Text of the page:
Advertisements



Straw poll regarding local liturgical practice

Quick question for my Orthodox readers who regularly attend or chant Matins — what do you do for Psalm 50 (i. e., read, intone, chant, skip altogether), and what informs this practice? Are you aware of an “official” or “authoritative” rubric being one thing and your parish practice being something else? Are you aware of your parish practice being either standard or deviating from your diocesan or jurisdictional norm? If you could answer along with your parish location and jurisdiction, that would also be great to know. I am just trying to get a sense of the range of what is done out there — in other words, this is strictly a matter of data-gathering. Thank you in advance!

Advertisements

2 Responses to “Straw poll regarding local liturgical practice”


  1. 1 Linda Sacco 7 July 2010 at 5:16 pm

    Hi, We chant Psalm 50 on Sunday, during the week days, the Orthros book usually says to read it. Even on some Sundays it is suppose to be read.
    St. Gregory of Nyssa, G.O.C., El Cajon, CA

  2. 2 John Paterakis 10 July 2010 at 10:50 am

    Hi,

    I’m the lambadarios at the Archdiocesan Cathedral of the Holy Trinity, in New York City.

    There is indeed a standard practice for this. According to the rubric of the Great Church (i.e., the practice of the Patriarchate of Constantinople,) the psalm is read on weekdays and feasts of the Lord (including those that fall on Sundays), but chanted otherwise on Sundays in the Second Tone. Obviously we observe this practice.

    I am aware of some communities where the chanters sing this in the tone of the week, rather than Second Tone; but I’m not sure if this local variation is sanctioned by the Typicon.

    And I’ve participated in some weekday services where I’ve been instructed to skip this or that for time reasons, but Psalm 50 is NEVER omitted.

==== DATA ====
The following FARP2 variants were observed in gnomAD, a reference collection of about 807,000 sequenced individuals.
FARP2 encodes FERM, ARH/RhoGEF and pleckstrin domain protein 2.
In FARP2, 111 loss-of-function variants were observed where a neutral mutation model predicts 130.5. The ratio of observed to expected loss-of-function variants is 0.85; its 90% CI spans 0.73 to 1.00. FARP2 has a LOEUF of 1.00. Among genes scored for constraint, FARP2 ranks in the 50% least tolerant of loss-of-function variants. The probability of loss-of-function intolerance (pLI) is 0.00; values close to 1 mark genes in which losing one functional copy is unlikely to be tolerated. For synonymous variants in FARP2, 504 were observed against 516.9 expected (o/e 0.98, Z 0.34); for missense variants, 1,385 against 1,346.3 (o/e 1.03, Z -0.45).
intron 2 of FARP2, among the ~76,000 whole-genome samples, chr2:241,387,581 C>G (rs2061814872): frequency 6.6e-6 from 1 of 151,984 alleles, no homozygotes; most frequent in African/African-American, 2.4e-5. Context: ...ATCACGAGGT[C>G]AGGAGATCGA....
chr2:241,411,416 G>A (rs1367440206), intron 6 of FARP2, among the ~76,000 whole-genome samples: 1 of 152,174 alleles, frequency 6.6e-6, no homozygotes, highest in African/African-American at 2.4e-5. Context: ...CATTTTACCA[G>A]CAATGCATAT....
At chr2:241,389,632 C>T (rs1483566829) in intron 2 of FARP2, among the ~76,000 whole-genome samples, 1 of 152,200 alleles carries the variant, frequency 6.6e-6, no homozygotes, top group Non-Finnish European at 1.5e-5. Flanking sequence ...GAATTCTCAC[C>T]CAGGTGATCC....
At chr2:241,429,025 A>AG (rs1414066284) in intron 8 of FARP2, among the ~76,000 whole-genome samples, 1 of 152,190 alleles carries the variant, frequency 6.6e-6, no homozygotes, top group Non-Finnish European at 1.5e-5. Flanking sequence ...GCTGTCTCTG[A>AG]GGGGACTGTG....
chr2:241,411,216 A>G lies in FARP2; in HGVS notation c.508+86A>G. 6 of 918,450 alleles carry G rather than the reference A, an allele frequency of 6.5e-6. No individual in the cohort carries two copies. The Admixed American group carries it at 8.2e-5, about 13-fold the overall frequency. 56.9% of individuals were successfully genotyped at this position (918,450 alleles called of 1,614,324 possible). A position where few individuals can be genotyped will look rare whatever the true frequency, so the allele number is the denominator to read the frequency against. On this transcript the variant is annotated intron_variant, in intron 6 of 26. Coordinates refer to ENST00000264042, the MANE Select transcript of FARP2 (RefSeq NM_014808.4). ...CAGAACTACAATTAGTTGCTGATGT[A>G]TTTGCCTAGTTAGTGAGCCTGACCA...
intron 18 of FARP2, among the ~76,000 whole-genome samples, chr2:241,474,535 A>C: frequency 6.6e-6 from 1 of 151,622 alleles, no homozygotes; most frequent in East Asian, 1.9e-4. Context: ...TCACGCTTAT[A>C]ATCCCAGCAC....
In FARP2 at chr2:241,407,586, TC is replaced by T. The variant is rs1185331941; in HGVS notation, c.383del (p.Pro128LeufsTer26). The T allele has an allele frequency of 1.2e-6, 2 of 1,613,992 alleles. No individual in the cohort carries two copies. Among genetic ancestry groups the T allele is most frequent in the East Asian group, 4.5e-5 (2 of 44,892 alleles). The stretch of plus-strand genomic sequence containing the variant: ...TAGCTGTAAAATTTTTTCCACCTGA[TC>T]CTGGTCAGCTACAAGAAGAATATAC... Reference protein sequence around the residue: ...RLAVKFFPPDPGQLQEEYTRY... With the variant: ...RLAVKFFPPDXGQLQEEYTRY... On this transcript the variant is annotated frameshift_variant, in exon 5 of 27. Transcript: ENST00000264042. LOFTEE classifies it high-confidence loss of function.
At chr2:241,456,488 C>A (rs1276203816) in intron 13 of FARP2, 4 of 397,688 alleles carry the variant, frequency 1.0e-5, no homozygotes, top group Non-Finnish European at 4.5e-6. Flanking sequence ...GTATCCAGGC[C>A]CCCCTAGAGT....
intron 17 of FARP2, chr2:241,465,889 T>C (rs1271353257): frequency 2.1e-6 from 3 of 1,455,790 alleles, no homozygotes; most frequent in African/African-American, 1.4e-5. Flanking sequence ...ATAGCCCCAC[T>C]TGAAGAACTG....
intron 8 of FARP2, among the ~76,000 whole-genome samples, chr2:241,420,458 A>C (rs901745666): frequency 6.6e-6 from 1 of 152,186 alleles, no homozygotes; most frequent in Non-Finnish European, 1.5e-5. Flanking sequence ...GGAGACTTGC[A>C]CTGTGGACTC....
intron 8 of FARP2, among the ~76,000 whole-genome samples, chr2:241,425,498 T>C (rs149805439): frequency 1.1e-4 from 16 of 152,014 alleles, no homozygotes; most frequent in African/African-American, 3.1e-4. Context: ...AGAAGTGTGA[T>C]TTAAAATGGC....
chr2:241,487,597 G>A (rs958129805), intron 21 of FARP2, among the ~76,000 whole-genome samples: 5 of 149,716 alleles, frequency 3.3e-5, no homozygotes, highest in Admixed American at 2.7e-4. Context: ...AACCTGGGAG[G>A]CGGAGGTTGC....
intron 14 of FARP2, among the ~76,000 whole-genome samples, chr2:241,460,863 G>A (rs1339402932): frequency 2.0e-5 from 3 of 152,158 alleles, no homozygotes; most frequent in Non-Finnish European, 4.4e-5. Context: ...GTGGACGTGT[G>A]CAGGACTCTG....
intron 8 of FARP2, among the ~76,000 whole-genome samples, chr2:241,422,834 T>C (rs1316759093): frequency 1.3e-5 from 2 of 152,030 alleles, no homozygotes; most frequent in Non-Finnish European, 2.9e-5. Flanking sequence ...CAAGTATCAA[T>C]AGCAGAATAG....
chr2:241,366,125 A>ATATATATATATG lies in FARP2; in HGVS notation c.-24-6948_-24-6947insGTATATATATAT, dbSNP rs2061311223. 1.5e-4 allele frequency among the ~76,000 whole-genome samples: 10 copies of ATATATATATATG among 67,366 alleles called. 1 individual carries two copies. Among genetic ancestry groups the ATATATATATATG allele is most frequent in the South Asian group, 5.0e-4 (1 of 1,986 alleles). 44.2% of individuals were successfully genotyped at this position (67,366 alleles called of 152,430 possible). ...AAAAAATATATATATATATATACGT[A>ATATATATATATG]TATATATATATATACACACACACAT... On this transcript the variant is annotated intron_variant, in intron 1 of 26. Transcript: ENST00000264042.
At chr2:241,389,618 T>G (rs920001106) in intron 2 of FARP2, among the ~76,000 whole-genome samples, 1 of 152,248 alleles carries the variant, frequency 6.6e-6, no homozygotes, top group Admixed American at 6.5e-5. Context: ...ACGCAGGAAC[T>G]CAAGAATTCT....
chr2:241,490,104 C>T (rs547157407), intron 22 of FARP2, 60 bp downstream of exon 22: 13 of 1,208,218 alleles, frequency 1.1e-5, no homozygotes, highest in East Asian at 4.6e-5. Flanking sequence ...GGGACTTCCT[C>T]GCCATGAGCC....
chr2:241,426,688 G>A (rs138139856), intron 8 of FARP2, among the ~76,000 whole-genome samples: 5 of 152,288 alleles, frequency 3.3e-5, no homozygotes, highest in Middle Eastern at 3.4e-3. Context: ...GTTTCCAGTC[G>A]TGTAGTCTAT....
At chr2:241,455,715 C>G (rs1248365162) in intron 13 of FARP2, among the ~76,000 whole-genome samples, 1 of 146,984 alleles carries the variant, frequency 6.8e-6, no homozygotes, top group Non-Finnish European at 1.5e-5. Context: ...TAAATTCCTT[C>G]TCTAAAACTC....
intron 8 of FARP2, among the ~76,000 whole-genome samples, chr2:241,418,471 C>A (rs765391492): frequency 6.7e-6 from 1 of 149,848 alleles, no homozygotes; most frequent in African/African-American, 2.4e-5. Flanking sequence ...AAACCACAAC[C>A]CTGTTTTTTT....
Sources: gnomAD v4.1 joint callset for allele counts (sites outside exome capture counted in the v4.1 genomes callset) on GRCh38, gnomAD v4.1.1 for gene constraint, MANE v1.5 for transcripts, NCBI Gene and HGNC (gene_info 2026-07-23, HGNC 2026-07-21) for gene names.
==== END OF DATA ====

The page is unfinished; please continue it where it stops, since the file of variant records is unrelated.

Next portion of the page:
Best regards,


Leave a Reply

Fill in your details below or click an icon to log in:

WordPress.com Logo

You are commenting using your WordPress.com account. Log Out / Change )

Twitter picture

You are commenting using your Twitter account. Log Out / Change )

Facebook photo

You are commenting using your Facebook account. Log Out / Change )

Google+ photo

You are commenting using your Google+ account. Log Out / Change )

Connecting to %s




Advertisements

Richard’s Twitter

adventures in writing alexander lingas all saints bloomington all saints orthodox church american orthodox architecture american orthodox music american orthodoxy Antiochian Archdiocese Antiochian Orthodox Christian Archdiocese of North America Antiochians books byzantine chant cappella romana chant church architecture ecclesiastical chant ethnomusicologists ethnomusicology fellowship of ss. alban and sergius Greece Greek greek food greekness hazards of church music international travel tips ioannis arvanitis joe mckamey john michael boyer kurt sander Latin liturgical adventures liturgical architecture liturgical music liturgical texts and translation liturgy liturgy and life lycourgos angelopoulos medieval byzantine chant Metropolitan PHILIP militant americanist orthodoxy modern byzantine architecture modern greek music music as iconography my kids will latin and greek when they're newborns my kids will learn latin and greek when they're newborns orthodox architecture orthodox architecture is bloody expensive Orthodox choir schools Orthodox Ecclesiology orthodox outreach orthodox travel pascha at the singing school Patriarchate of Antioch Patriarch IGNATIUS IV Patriarch of Antioch publishing random acts of chant richard barrett in greece richard toensing rod dreher sacred music st. vlads st john of damascus society Syriac the Bishop MARK fan club the convert dilemma the dark knight The Episcopacy The Episcopate the only good language is a dead language this american church life travel we need more american saints why do we need beautiful music in churches?

Blog Stats

  • 215,995 hits

Flickr Photos


%d bloggers like this: